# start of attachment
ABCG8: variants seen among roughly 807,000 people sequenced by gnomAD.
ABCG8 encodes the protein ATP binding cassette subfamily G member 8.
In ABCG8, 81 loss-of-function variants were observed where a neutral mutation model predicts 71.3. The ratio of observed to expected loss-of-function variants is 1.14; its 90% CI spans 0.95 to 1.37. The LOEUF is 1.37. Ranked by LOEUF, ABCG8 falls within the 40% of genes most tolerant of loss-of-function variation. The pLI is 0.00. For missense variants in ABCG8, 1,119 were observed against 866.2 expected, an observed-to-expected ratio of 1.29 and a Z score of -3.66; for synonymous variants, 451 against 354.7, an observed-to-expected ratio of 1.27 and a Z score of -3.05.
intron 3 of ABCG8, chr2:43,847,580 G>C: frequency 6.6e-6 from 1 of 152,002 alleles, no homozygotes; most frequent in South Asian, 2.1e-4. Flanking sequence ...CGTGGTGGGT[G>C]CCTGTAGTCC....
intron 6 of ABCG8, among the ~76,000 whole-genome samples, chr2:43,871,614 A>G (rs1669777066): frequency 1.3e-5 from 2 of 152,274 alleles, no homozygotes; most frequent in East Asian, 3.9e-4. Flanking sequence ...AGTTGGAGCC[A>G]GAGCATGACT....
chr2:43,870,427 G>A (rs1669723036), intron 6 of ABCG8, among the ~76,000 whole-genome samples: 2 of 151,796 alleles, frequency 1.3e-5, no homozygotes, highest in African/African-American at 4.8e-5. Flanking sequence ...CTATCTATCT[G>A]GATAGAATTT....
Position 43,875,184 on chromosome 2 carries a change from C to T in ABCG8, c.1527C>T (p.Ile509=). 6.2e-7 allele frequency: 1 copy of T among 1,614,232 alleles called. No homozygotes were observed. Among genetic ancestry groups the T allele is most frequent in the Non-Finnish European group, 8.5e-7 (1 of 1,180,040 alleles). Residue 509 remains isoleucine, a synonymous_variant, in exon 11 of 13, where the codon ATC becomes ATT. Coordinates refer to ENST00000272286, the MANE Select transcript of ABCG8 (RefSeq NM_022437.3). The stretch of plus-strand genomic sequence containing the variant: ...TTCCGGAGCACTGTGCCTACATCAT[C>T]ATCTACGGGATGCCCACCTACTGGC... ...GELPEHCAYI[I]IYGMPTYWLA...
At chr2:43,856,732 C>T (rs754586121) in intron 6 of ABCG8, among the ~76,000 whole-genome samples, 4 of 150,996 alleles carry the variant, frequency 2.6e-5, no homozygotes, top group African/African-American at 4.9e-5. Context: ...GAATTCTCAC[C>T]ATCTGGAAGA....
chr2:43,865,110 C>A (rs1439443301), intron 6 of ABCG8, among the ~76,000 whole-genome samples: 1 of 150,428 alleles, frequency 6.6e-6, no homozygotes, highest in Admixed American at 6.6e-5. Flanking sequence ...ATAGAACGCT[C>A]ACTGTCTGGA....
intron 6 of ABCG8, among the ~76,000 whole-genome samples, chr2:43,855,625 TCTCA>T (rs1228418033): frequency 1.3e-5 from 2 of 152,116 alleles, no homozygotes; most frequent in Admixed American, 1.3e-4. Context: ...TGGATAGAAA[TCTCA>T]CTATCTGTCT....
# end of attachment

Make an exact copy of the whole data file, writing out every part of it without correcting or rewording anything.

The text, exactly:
ABCG8: variants seen among roughly 807,000 people sequenced by gnomAD.
ABCG8 encodes the protein ATP binding cassette subfamily G member 8.
In ABCG8, 81 loss-of-function variants were observed where a neutral mutation model predicts 71.3. The ratio of observed to expected loss-of-function variants is 1.14; its 90% CI spans 0.95 to 1.37. The LOEUF is 1.37. Ranked by LOEUF, ABCG8 falls within the 40% of genes most tolerant of loss-of-function variation. The pLI is 0.00. For missense variants in ABCG8, 1,119 were observed against 866.2 expected, an observed-to-expected ratio of 1.29 and a Z score of -3.66; for synonymous variants, 451 against 354.7, an observed-to-expected ratio of 1.27 and a Z score of -3.05.
intron 3 of ABCG8, chr2:43,847,580 G>C: frequency 6.6e-6 from 1 of 152,002 alleles, no homozygotes; most frequent in South Asian, 2.1e-4. Flanking sequence ...CGTGGTGGGT[G>C]CCTGTAGTCC....
intron 6 of ABCG8, among the ~76,000 whole-genome samples, chr2:43,871,614 A>G (rs1669777066): frequency 1.3e-5 from 2 of 152,274 alleles, no homozygotes; most frequent in East Asian, 3.9e-4. Flanking sequence ...AGTTGGAGCC[A>G]GAGCATGACT....
chr2:43,870,427 G>A (rs1669723036), intron 6 of ABCG8, among the ~76,000 whole-genome samples: 2 of 151,796 alleles, frequency 1.3e-5, no homozygotes, highest in African/African-American at 4.8e-5. Flanking sequence ...CTATCTATCT[G>A]GATAGAATTT....
Position 43,875,184 on chromosome 2 carries a change from C to T in ABCG8, c.1527C>T (p.Ile509=). 6.2e-7 allele frequency: 1 copy of T among 1,614,232 alleles called. No homozygotes were observed. Among genetic ancestry groups the T allele is most frequent in the Non-Finnish European group, 8.5e-7 (1 of 1,180,040 alleles). Residue 509 remains isoleucine, a synonymous_variant, in exon 11 of 13, where the codon ATC becomes ATT. Coordinates refer to ENST00000272286, the MANE Select transcript of ABCG8 (RefSeq NM_022437.3). The stretch of plus-strand genomic sequence containing the variant: ...TTCCGGAGCACTGTGCCTACATCAT[C>T]ATCTACGGGATGCCCACCTACTGGC... ...GELPEHCAYI[I]IYGMPTYWLA...
At chr2:43,856,732 C>T (rs754586121) in intron 6 of ABCG8, among the ~76,000 whole-genome samples, 4 of 150,996 alleles carry the variant, frequency 2.6e-5, no homozygotes, top group African/African-American at 4.9e-5. Context: ...GAATTCTCAC[C>T]ATCTGGAAGA....
chr2:43,865,110 C>A (rs1439443301), intron 6 of ABCG8, among the ~76,000 whole-genome samples: 1 of 150,428 alleles, frequency 6.6e-6, no homozygotes, highest in Admixed American at 6.6e-5. Flanking sequence ...ATAGAACGCT[C>A]ACTGTCTGGA....
intron 6 of ABCG8, among the ~76,000 whole-genome samples, chr2:43,855,625 TCTCA>T (rs1228418033): frequency 1.3e-5 from 2 of 152,116 alleles, no homozygotes; most frequent in Admixed American, 1.3e-4. Context: ...TGGATAGAAA[TCTCA>T]CTATCTGTCT....